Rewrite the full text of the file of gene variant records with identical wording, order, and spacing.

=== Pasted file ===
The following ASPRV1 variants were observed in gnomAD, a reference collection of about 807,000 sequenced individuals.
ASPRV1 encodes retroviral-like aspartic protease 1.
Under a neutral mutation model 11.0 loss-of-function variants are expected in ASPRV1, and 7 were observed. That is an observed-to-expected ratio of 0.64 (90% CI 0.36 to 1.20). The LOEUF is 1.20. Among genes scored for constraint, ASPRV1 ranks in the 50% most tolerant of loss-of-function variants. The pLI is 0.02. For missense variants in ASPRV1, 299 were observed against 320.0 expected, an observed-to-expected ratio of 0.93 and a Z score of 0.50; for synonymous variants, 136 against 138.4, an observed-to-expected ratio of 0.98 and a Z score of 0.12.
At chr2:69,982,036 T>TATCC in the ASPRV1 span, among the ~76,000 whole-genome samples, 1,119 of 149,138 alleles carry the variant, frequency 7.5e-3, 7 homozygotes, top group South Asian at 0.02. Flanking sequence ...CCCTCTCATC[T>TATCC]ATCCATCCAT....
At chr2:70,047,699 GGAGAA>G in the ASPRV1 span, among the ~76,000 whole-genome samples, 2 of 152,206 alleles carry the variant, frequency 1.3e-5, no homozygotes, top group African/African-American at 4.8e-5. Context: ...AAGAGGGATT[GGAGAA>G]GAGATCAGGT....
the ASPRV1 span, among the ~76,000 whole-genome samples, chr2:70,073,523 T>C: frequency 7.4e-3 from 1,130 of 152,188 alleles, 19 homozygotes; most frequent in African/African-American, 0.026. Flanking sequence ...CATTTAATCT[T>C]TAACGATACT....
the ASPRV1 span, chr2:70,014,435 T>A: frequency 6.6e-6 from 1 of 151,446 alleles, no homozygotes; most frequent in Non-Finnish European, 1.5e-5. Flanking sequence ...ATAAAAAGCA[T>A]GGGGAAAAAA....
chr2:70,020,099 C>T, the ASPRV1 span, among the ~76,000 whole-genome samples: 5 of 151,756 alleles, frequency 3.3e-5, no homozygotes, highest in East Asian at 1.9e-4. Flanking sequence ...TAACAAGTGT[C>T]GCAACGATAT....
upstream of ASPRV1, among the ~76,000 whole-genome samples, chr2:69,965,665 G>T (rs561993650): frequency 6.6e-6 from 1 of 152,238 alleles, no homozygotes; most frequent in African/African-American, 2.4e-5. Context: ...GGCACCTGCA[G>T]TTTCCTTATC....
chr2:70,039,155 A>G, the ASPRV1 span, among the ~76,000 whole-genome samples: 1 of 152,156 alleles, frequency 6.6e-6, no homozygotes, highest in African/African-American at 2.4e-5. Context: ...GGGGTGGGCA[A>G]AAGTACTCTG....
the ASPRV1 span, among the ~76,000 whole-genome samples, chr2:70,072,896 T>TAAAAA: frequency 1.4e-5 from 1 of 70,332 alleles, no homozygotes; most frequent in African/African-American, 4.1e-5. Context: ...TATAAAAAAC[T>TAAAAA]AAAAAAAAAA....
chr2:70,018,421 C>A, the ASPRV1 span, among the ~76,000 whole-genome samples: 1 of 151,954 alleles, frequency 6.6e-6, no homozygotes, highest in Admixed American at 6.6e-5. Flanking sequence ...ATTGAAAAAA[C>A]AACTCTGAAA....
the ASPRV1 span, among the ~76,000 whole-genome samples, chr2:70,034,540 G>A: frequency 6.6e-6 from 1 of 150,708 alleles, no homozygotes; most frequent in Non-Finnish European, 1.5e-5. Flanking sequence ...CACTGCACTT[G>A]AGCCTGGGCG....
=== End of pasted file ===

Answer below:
The following ASPRV1 variants were observed in gnomAD, a reference collection of about 807,000 sequenced individuals.
ASPRV1 encodes retroviral-like aspartic protease 1.
Under a neutral mutation model 11.0 loss-of-function variants are expected in ASPRV1, and 7 were observed. That is an observed-to-expected ratio of 0.64 (90% CI 0.36 to 1.20). The LOEUF is 1.20. Among genes scored for constraint, ASPRV1 ranks in the 50% most tolerant of loss-of-function variants. The pLI is 0.02. For missense variants in ASPRV1, 299 were observed against 320.0 expected, an observed-to-expected ratio of 0.93 and a Z score of 0.50; for synonymous variants, 136 against 138.4, an observed-to-expected ratio of 0.98 and a Z score of 0.12.
At chr2:69,982,036 T>TATCC in the ASPRV1 span, among the ~76,000 whole-genome samples, 1,119 of 149,138 alleles carry the variant, frequency 7.5e-3, 7 homozygotes, top group South Asian at 0.02. Flanking sequence ...CCCTCTCATC[T>TATCC]ATCCATCCAT....
At chr2:70,047,699 GGAGAA>G in the ASPRV1 span, among the ~76,000 whole-genome samples, 2 of 152,206 alleles carry the variant, frequency 1.3e-5, no homozygotes, top group African/African-American at 4.8e-5. Context: ...AAGAGGGATT[GGAGAA>G]GAGATCAGGT....
the ASPRV1 span, among the ~76,000 whole-genome samples, chr2:70,073,523 T>C: frequency 7.4e-3 from 1,130 of 152,188 alleles, 19 homozygotes; most frequent in African/African-American, 0.026. Flanking sequence ...CATTTAATCT[T>C]TAACGATACT....
the ASPRV1 span, chr2:70,014,435 T>A: frequency 6.6e-6 from 1 of 151,446 alleles, no homozygotes; most frequent in Non-Finnish European, 1.5e-5. Flanking sequence ...ATAAAAAGCA[T>A]GGGGAAAAAA....
chr2:70,020,099 C>T, the ASPRV1 span, among the ~76,000 whole-genome samples: 5 of 151,756 alleles, frequency 3.3e-5, no homozygotes, highest in East Asian at 1.9e-4. Flanking sequence ...TAACAAGTGT[C>T]GCAACGATAT....
upstream of ASPRV1, among the ~76,000 whole-genome samples, chr2:69,965,665 G>T (rs561993650): frequency 6.6e-6 from 1 of 152,238 alleles, no homozygotes; most frequent in African/African-American, 2.4e-5. Context: ...GGCACCTGCA[G>T]TTTCCTTATC....
chr2:70,039,155 A>G, the ASPRV1 span, among the ~76,000 whole-genome samples: 1 of 152,156 alleles, frequency 6.6e-6, no homozygotes, highest in African/African-American at 2.4e-5. Context: ...GGGGTGGGCA[A>G]AAGTACTCTG....
the ASPRV1 span, among the ~76,000 whole-genome samples, chr2:70,072,896 T>TAAAAA: frequency 1.4e-5 from 1 of 70,332 alleles, no homozygotes; most frequent in African/African-American, 4.1e-5. Context: ...TATAAAAAAC[T>TAAAAA]AAAAAAAAAA....
chr2:70,018,421 C>A, the ASPRV1 span, among the ~76,000 whole-genome samples: 1 of 151,954 alleles, frequency 6.6e-6, no homozygotes, highest in Admixed American at 6.6e-5. Flanking sequence ...ATTGAAAAAA[C>A]AACTCTGAAA....
the ASPRV1 span, among the ~76,000 whole-genome samples, chr2:70,034,540 G>A: frequency 6.6e-6 from 1 of 150,708 alleles, no homozygotes; most frequent in Non-Finnish European, 1.5e-5. Flanking sequence ...CACTGCACTT[G>A]AGCCTGGGCG....